Beginning in May 1787 and throughout the long, hot Philadelphia summer, the delegations from twelve states discussed, debated, and finally—after compromising many times—by September had worked out a new blueprint for the nation. The document they created, the U.S. Constitution, was an ingenious instrument that allayed fears of a too-powerful central government and solved the problems that had beleaguered the national government under the Articles of Confederation. For the most part, it also resolved the conflicts between small and large states, northern and southern states, and those who favored a strong federal government and those who argued for state sovereignty.
The closest thing to minutes of the Constitutional Convention is the collection of James Madison’s letters and notes about the proceedings in Philadelphia. Several such letters and notes may be found at the Library of Congress’s American Memory project.
The Great Compromise
The Constitution consists of a preamble and seven articles. The first three articles divide the national government into three branches—Congress, the executive branch, and the federal judiciary—and describe the powers and responsibilities of each. In Article I, ten sections describe the structure of Congress, the basis for representation and the requirements for serving in Congress, the length of Congressional terms, and the powers of Congress. The national legislature created by the article reflects the compromises reached by the delegates regarding such issues as representation, slavery, and national power.
After debating at length over whether the Virginia Plan or the New Jersey Plan provided the best model for the nation’s legislature, the framers of the Constitution had ultimately arrived at what is called the , suggested by Roger Sherman of Connecticut. Congress, it was decided, would consist of two chambers: the Senate and the House of Representatives. Each state, regardless of size, would have two senators, making for equal representation as in the New Jersey Plan. Representation in the House would be based on population. Senators were to be appointed by state legislatures, a variation on the Virginia Plan. Members of the House of Representatives would be popularly elected by the voters in each state. Elected members of the House would be limited to two years in office before having to seek reelection, and those appointed to the Senate by each state’s political elite would serve a term of six years.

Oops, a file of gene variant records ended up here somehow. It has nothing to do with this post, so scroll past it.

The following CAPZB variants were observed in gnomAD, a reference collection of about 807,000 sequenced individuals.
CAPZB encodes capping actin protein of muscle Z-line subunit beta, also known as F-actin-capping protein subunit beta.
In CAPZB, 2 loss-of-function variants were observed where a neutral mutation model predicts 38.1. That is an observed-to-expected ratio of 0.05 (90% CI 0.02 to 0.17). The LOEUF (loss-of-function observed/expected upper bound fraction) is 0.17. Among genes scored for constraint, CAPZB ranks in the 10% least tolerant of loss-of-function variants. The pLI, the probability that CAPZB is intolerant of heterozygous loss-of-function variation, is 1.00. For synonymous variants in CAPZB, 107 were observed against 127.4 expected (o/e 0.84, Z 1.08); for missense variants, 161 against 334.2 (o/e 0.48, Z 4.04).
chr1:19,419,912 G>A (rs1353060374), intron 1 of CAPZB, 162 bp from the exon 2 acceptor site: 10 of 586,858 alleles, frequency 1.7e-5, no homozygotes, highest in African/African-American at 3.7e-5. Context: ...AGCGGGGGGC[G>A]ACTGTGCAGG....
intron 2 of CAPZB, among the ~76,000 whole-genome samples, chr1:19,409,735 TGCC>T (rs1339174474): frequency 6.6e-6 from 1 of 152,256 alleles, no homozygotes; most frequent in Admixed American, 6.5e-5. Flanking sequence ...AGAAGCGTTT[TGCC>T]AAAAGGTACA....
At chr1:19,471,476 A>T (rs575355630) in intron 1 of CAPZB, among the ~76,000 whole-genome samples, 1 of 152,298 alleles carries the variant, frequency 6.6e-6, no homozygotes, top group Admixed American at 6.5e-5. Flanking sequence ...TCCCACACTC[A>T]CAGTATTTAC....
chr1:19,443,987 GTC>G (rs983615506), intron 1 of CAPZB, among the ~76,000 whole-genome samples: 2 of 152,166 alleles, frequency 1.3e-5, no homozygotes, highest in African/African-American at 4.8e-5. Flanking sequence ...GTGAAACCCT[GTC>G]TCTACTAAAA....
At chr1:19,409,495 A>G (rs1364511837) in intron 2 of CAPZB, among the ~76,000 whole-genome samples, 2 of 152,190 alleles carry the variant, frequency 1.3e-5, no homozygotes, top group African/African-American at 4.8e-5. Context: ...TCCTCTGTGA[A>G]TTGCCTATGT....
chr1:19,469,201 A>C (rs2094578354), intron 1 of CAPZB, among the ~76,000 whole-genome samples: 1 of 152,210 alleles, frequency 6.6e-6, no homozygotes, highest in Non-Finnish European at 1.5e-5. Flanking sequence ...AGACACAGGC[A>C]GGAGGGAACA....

Congress was given great power, including the power to tax, maintain an army and a navy, and regulate trade and commerce. Congress had authority that the national government lacked under the Articles of Confederation. It could also coin and borrow money, grant patents and copyrights, declare war, and establish laws regulating naturalization and bankruptcy. While legislation could be proposed by either chamber of Congress, it had to pass both chambers by a majority vote before being sent to the president to be signed into law, and all bills to raise revenue had to begin in the House of Representatives. Only those men elected by the voters to represent them could impose taxes upon them. There would be no more taxation without representation.
The Three-Fifths Compromise and the Debates over Slavery
The Great Compromise that determined the structure of Congress soon led to another debate, however. When states took a census of their population for the purpose of allotting House representatives, should enslaved people be counted? Southern states were adamant that they should be, while delegates from northern states were vehemently opposed, arguing that representatives from southern states could not represent the interests of those enslaved. If enslaved people were not counted, however, southern states would have far fewer representatives in the House than northern states did. For example, if South Carolina were allotted representatives based solely on its free population, it would receive only half the number it would have received if enslaved people, who made up approximately 43 percent of the population, were included.